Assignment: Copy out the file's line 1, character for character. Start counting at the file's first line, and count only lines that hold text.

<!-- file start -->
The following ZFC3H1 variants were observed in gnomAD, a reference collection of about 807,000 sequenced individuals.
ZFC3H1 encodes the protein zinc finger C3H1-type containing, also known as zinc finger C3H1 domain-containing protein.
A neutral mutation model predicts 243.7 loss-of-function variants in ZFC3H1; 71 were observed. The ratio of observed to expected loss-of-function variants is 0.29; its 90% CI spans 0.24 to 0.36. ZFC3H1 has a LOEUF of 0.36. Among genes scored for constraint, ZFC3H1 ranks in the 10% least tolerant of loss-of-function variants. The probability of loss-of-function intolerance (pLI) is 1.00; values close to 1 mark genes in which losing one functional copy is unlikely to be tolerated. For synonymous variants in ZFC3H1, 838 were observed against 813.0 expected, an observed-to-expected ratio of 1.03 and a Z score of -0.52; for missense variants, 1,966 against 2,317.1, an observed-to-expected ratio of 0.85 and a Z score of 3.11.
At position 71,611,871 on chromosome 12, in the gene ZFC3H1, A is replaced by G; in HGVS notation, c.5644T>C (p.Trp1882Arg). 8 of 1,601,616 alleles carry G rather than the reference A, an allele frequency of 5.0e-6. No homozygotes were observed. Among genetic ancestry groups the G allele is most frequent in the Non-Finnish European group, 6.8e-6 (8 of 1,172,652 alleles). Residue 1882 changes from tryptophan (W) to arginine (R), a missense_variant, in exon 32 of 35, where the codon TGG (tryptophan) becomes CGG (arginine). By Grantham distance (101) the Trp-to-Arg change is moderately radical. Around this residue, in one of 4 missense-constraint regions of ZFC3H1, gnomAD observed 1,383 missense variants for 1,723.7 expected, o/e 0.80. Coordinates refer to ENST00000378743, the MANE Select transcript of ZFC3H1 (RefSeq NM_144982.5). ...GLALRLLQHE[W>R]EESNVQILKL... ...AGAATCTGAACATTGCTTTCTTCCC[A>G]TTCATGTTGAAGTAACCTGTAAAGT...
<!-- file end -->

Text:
The following ZFC3H1 variants were observed in gnomAD, a reference collection of about 807,000 sequenced individuals.